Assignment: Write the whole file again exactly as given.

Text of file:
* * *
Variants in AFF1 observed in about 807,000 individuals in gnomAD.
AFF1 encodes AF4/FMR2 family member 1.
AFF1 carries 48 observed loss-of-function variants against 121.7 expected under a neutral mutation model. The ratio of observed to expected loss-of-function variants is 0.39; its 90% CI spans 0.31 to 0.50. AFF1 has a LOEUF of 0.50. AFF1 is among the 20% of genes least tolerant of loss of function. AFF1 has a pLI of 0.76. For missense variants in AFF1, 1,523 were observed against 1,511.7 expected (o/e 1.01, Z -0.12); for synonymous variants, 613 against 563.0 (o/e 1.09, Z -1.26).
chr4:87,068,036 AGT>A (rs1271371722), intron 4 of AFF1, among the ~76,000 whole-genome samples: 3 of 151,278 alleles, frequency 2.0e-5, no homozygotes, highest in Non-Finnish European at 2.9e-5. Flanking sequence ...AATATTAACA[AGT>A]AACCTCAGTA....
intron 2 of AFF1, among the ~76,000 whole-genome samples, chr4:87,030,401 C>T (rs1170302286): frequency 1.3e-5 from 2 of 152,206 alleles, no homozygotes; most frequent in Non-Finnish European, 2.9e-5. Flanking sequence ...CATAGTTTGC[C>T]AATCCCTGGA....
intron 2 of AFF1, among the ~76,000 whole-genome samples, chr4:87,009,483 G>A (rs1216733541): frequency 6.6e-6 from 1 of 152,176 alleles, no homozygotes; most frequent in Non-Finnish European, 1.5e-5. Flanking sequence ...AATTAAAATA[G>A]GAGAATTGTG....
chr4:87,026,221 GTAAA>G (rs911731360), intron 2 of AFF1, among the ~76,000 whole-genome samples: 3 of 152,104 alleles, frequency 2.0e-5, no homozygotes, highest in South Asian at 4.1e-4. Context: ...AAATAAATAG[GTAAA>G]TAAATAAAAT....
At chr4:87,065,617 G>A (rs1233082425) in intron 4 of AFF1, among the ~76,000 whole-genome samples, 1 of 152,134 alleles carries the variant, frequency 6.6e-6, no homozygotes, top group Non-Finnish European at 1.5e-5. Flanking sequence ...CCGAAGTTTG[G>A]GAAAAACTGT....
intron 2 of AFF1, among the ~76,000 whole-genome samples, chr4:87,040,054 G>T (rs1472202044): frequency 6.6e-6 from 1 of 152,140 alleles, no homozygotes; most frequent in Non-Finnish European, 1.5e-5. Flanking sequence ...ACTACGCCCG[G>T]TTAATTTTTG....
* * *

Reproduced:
Variants in AFF1 observed in about 807,000 individuals in gnomAD.
AFF1 encodes AF4/FMR2 family member 1.
AFF1 carries 48 observed loss-of-function variants against 121.7 expected under a neutral mutation model. The ratio of observed to expected loss-of-function variants is 0.39; its 90% CI spans 0.31 to 0.50. AFF1 has a LOEUF of 0.50. AFF1 is among the 20% of genes least tolerant of loss of function. AFF1 has a pLI of 0.76. For missense variants in AFF1, 1,523 were observed against 1,511.7 expected (o/e 1.01, Z -0.12); for synonymous variants, 613 against 563.0 (o/e 1.09, Z -1.26).
chr4:87,068,036 AGT>A (rs1271371722), intron 4 of AFF1, among the ~76,000 whole-genome samples: 3 of 151,278 alleles, frequency 2.0e-5, no homozygotes, highest in Non-Finnish European at 2.9e-5. Flanking sequence ...AATATTAACA[AGT>A]AACCTCAGTA....
intron 2 of AFF1, among the ~76,000 whole-genome samples, chr4:87,030,401 C>T (rs1170302286): frequency 1.3e-5 from 2 of 152,206 alleles, no homozygotes; most frequent in Non-Finnish European, 2.9e-5. Flanking sequence ...CATAGTTTGC[C>T]AATCCCTGGA....
intron 2 of AFF1, among the ~76,000 whole-genome samples, chr4:87,009,483 G>A (rs1216733541): frequency 6.6e-6 from 1 of 152,176 alleles, no homozygotes; most frequent in Non-Finnish European, 1.5e-5. Flanking sequence ...AATTAAAATA[G>A]GAGAATTGTG....
chr4:87,026,221 GTAAA>G (rs911731360), intron 2 of AFF1, among the ~76,000 whole-genome samples: 3 of 152,104 alleles, frequency 2.0e-5, no homozygotes, highest in South Asian at 4.1e-4. Context: ...AAATAAATAG[GTAAA>G]TAAATAAAAT....
At chr4:87,065,617 G>A (rs1233082425) in intron 4 of AFF1, among the ~76,000 whole-genome samples, 1 of 152,134 alleles carries the variant, frequency 6.6e-6, no homozygotes, top group Non-Finnish European at 1.5e-5. Flanking sequence ...CCGAAGTTTG[G>A]GAAAAACTGT....
intron 2 of AFF1, among the ~76,000 whole-genome samples, chr4:87,040,054 G>T (rs1472202044): frequency 6.6e-6 from 1 of 152,140 alleles, no homozygotes; most frequent in Non-Finnish European, 1.5e-5. Flanking sequence ...ACTACGCCCG[G>T]TTAATTTTTG....